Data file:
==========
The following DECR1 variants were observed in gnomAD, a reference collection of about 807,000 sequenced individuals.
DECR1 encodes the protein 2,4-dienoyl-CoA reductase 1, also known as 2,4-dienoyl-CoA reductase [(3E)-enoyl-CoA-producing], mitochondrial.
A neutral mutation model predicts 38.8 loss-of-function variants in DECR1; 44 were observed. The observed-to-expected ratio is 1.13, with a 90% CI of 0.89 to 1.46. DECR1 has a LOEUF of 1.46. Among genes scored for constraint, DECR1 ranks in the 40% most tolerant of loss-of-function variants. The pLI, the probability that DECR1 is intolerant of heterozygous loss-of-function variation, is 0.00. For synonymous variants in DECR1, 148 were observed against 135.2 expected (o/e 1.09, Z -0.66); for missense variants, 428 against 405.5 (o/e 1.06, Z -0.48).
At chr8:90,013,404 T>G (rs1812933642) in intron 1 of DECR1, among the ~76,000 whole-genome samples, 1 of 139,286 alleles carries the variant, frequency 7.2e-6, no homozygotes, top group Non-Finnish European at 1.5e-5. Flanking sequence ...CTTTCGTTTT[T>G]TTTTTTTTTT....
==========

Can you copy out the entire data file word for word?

The following DECR1 variants were observed in gnomAD, a reference collection of about 807,000 sequenced individuals.
DECR1 encodes the protein 2,4-dienoyl-CoA reductase 1, also known as 2,4-dienoyl-CoA reductase [(3E)-enoyl-CoA-producing], mitochondrial.
A neutral mutation model predicts 38.8 loss-of-function variants in DECR1; 44 were observed. The observed-to-expected ratio is 1.13, with a 90% CI of 0.89 to 1.46. DECR1 has a LOEUF of 1.46. Among genes scored for constraint, DECR1 ranks in the 40% most tolerant of loss-of-function variants. The pLI, the probability that DECR1 is intolerant of heterozygous loss-of-function variation, is 0.00. For synonymous variants in DECR1, 148 were observed against 135.2 expected (o/e 1.09, Z -0.66); for missense variants, 428 against 405.5 (o/e 1.06, Z -0.48).
At chr8:90,013,404 T>G (rs1812933642) in intron 1 of DECR1, among the ~76,000 whole-genome samples, 1 of 139,286 alleles carries the variant, frequency 7.2e-6, no homozygotes, top group Non-Finnish European at 1.5e-5. Flanking sequence ...CTTTCGTTTT[T>G]TTTTTTTTTT....